I hired a driver on my one day in town, a nice guy the hotel clerk knew who tried very hard to find me an ATM that would take my Citibank ATM card. These bear the Mastercard logo, which makes them tough to use in West Africa. Tough, but not impossible. Ten years ago, they were quite difficult to use when I'd been traipsing around on the east side of this continent, but now there seemed to be one bank chain per country that took my card.
Finding this ATM wasn't always so easy, though. Most of the time, I was able to find a hint on message boards online, but this time, I found nothing.
My driver waited while I ran from bank to bank. Standard Chartered, Ecobank, Barclays...it turned out that when I was there was exactly when all the ATMs were getting their morning servicing. In the end, GCB took my ATM card and spat out money.
Which I was promptly relieved of at a crafts village. Kumasi is the center of the Ashanti Empire, and is surrounded by villages that specialize in traditional crafts. My driver took me to a weaving village when I asked him to take me to the "best craft village." I knew going in that wasn't getting out of there cheap. You don't go to crafts villages believing you can just browse. The best you can do is minimize the financial damage and try to buy souvenirs you like. My driver pulled up outside a weaving center. He looked worried as we were ambushed by two eager young men anxious to make my aquaintance and escort me into the single-story, shaded, concrete building. I assured him I'd be fine and exited the car. Amusingly, a young man asked my name and then started weaving a bracelet.
"No," I said. "I don't want a bracelet. Don't do that."
This protest had no effect whatsoever, and on my departure, he presented me with a woven bracelet for someone named Mary. I was thinking of giving this to Michael Kraiger. He'd make a good Mary if he were a woman.
Inside the weaving center, ten or so looms were set up, about four of them occupied by men. That's who does the weaving here. The men weren't actually weaving when I came in—they were resting. But they jumped to it, showing me how the colorful threads formed into meaningful tribal patterns on narrow sashes, which were left as they were made or else sewn together to make large textiles.
Finished pieces adorned the surrounding walls, and these were the final products I was invited to negotiate for. I did with good cheer, choosing a few colorful pieces that I liked enough to include in my souvenir program. We were able to read agreeable prices that made both the sellers and me happy.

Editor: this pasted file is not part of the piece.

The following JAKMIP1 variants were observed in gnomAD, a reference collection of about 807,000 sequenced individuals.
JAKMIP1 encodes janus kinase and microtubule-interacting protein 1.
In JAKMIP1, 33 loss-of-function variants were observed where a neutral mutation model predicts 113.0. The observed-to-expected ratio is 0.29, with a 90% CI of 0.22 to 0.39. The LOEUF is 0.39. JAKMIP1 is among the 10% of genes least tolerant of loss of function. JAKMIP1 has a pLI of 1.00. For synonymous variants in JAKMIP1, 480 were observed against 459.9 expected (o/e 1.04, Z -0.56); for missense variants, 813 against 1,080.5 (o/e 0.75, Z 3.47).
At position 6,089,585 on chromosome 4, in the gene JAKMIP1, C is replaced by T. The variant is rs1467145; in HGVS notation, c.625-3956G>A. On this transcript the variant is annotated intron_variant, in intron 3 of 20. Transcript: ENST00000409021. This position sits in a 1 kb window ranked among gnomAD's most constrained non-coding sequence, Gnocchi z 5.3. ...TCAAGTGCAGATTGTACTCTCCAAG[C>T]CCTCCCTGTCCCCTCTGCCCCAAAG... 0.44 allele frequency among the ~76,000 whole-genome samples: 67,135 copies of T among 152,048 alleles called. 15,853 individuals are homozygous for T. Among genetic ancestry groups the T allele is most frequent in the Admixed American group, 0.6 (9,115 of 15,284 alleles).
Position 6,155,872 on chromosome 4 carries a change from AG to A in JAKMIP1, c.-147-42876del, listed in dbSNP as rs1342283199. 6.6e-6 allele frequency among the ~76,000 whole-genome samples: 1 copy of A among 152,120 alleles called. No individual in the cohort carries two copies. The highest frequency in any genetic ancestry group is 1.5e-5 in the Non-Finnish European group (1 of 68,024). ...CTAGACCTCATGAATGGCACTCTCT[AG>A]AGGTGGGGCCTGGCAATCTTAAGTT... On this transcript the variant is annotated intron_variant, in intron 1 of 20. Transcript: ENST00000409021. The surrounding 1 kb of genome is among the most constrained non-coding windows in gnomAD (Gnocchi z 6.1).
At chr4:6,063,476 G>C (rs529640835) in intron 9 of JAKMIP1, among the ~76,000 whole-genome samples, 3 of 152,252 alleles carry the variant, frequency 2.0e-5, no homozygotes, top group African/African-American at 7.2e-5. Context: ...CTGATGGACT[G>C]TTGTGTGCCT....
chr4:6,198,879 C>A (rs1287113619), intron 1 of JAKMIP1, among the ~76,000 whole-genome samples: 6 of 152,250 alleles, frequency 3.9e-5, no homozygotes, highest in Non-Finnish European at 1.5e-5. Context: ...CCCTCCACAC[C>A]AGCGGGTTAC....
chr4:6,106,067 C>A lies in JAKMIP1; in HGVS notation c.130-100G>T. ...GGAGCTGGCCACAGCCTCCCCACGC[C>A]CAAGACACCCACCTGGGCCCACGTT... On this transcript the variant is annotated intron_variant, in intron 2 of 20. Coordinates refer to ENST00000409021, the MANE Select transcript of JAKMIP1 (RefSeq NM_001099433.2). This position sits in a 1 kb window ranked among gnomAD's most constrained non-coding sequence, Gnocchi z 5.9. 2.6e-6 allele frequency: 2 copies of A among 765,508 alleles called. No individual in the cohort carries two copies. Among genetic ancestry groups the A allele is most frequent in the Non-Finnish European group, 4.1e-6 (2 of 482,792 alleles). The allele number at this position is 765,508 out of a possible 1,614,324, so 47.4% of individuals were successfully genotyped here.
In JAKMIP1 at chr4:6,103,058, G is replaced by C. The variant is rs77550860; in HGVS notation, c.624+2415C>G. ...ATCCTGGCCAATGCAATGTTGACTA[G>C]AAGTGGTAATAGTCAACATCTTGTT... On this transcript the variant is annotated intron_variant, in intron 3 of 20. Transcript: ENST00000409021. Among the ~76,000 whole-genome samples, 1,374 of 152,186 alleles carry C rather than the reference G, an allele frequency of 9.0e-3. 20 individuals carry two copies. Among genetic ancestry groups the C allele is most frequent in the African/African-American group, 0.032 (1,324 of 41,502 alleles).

I skedaddled quickly and decided I'd had enough crafts village. On the way out of town, a minibus passed us, young men hanging out of every window, barely hanging on.
The driver looked at me, shook his head, and started to laugh.
"This is very dangerous," he said. Next, we saw ten men carrying a container. On foot.
Then a station wagon passed us. Three sets of legs hung out from under the hatchback. I was gobsmacked, stunned. Then I grabbed my camera. We chased the station wagon, and when its occupants saw me, they lifted the hatch and waved.
I asked the driver to take me back to town and leave me at the museum.
We'd passed a few police checks on the way in and had paid the usual taxi fee to the policemen on duty. No me, I mean. I didn't pay anything. But it's a sad fact of life in this part of the world that drivers must pay, pay, pay for the privilege of driving. I have mentioned before that I can no longer distinguish between a toll and a bribe, but that's not really true. A toll usually involves a receipt. A bribe just involves an irritated taxi driver.
My driver pulled over abruptly. On the shoulder, he suddenly reversed the car. Puzzled, I looked at him, but I didn't need more than a second to see he was eyeballing a traffic cop up ahead. But reversing wasn't working. We had too far to go to find a way off the road.
"I'm out of small money," he explained. "Unless…do you have any?"
"I gave my small money to the guy who made me this stupid bracelet! I only have large bills from the ATM."
He weighed his options. He could either give the policeman a small fortune, risk both our lives by continuing to reverse down the highway, or he could hope he didn't get pulled over.
He put the car back into first gear and drove towards the policeman.
"TWWEEEEEEEET!" The whistle was followed by a pointing finger. That's the sign of "You, pull over."
My driver took a deep breath and pushed down the accelerator. We blew right past the cop.
I looked at my driver with new admiration. That was a ballsy move.
"What will happen?" I asked.
He shrugged. "Maybe next time he sees me, he'll take a lot more money off of me."
But he's sure the first one that did it when I was watching.
He took a lot of back roads—traffic in Kumasi is dreadful—to leave me at the museum, where I learned a lot about special Ashanti stools, then headed back to the hotel in a share taxi. Time for my Cantonese dinner. In the morning, the waiter would sweetly bring me a third cup of Nescafe when he saw I was working. I couldn't hack a third cup—I felt so guilty, like I should drink it to avoid disappointing the waiter—and instead hurried back to my room to eat yogurt with a spork. Then it was time. Time to head on, to find a minibus to Cape Coast.